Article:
By Karetta Hubbard, Lynne Revo-Cohen, Chris Kilmartin, and Gwen Crider
Imagine it is 8:45 am. You just picked up your latte at Starbucks and begin the five-minute walk to your office. Today should be a great day. Finally, you have earned the right to lead the meeting. No more second banana. One of the most important purchasers of your firm’s products will be waiting for you to strut your stuff, and buy. This could be a large boon for the firm. A quick glance in the mirror tells the story: the blue-grey dress matches the dark blue pumps which matches the grey purse. Your hair could be a little less frizzy, but still looks good. Your face however, belies the truth. Dread, fear, apprehension create knots in your stomach, anguish furrows your brow. You just received a text from The Boss. He wants to “brief” you on the client history before the meeting begins. It is not a suggestion. His briefings are always behind closed doors. You knock, he says, “come in.” The door closes too quickly. You look away as he smiles and asks you to take a seat next to him. Throne chairs sit side by side and he waves you down. The tone is always the same, modulated; the toothy smile splitting his face in half. “Big day today, I hope your weekend was rewarding? By the way, my massage offer still stands. I want you relaxed for this meeting.” “Not again,” she thinks, as he stands and places his hands on her shoulders. The corners of his mouth turn up, creating a jack-o-lantern; his eyes burning brighter. She can’t wait for the briefing to be over.
Imagine it is 1:00pm, the same day. “High Five’s Kiddo!” Kudos from the other attendees. The customer ordered double the product. And, you are still thinking about the Boss. What if I confront him? No! It would be suicide for my career. I could be fired. Might be classic, “he said, she said”; no one would believe me and I would be the loser.
Does this situation, or a similar one, sound familiar? All too often the phrase heard is: “Why did she or he wait so long to come forward?” The answer is as complicated as each situation. Some women or men are embarrassed, others ashamed, many doubt themselves. Importantly, they fear retaliation, or think they won’t be believed; mostly they don’t want to hurt the harasser (they just want the behavior to stop). Some women or men, need time to process their experience, question their own judgment, and figure out how not to blame themselves.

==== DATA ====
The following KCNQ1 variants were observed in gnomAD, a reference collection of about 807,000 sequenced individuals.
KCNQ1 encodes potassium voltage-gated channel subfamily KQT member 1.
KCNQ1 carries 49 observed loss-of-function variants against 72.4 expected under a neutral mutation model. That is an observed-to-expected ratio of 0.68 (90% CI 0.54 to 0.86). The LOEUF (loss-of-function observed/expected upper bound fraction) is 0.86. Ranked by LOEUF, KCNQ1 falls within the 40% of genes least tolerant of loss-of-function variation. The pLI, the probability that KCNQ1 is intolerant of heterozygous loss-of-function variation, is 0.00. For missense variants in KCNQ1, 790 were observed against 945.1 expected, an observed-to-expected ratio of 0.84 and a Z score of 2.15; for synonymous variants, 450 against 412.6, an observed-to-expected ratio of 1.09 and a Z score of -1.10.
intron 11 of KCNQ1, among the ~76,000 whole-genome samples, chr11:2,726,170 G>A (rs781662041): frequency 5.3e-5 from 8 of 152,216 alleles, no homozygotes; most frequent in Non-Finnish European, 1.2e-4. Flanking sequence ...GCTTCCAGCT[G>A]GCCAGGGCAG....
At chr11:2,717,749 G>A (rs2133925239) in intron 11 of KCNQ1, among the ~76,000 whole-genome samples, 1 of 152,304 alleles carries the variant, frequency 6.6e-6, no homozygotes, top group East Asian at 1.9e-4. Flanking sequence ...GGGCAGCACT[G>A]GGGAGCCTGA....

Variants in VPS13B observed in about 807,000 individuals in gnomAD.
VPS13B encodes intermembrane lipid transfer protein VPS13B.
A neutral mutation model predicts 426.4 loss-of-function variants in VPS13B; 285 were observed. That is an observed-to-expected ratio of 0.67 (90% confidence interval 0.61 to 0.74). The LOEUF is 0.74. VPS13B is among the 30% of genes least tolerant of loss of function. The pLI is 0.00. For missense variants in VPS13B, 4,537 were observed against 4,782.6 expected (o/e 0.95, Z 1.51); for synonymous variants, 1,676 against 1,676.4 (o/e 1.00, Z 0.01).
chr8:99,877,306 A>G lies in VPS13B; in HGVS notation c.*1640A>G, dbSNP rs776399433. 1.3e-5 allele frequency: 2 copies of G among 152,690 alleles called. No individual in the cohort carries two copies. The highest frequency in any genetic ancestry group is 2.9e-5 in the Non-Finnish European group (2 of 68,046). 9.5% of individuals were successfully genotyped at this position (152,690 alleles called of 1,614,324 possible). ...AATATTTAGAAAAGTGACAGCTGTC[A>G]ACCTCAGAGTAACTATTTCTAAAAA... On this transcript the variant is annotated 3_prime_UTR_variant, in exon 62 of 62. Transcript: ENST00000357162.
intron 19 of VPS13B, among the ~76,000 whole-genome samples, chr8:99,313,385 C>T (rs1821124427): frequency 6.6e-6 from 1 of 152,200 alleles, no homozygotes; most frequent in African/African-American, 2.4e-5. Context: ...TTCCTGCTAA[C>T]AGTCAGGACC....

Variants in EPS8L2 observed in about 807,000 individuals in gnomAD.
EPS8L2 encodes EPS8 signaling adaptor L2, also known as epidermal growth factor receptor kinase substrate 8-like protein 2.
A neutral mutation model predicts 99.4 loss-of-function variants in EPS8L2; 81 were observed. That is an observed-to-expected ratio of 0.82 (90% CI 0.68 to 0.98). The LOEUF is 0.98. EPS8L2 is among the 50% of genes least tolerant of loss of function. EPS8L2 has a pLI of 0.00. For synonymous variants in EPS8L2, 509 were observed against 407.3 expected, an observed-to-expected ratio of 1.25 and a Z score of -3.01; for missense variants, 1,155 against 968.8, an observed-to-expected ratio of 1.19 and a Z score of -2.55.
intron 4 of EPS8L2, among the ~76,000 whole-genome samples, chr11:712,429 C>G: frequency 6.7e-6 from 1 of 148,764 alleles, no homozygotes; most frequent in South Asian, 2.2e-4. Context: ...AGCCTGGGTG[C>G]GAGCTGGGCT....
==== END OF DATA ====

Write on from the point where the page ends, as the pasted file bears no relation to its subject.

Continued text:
Imagine it is 7:00 pm. Conversations take place in your head, telling him what you think of his behavior, peppered with not so savory phrases.
Imagine it is 9:00 am the next day. Latte in hand, you knock on the boss’s door; he smiles and says come in. You close the door behind you….
Do you know what YOU would say?
Next Week we will give advice about What to say to a harassing boss.
But we invite you to tell us how you would respond. Email WATExplorer@gmail.com. We’ll post your answers.
Since 1984 the founders of NewPoint Strategies, Karetta Hubbard and Lynne Revo-Cohen, have built a strong reputation for delivering extremely effective prevention training in high-risk issues such as sexual harassment/assault. Contributing Author and Lead Consultant, Chris Kilmartin, Ph.D, Emeritus Professor of Psychology from the University of Mary Washington, is an expert in Sexual Harassment and Assault Prevention, specifically Male Violence Against Women. Gwen Crider is a Diversity Expert. For more information, go to the website for NewPoint Strategies.
Top photo from Bigstock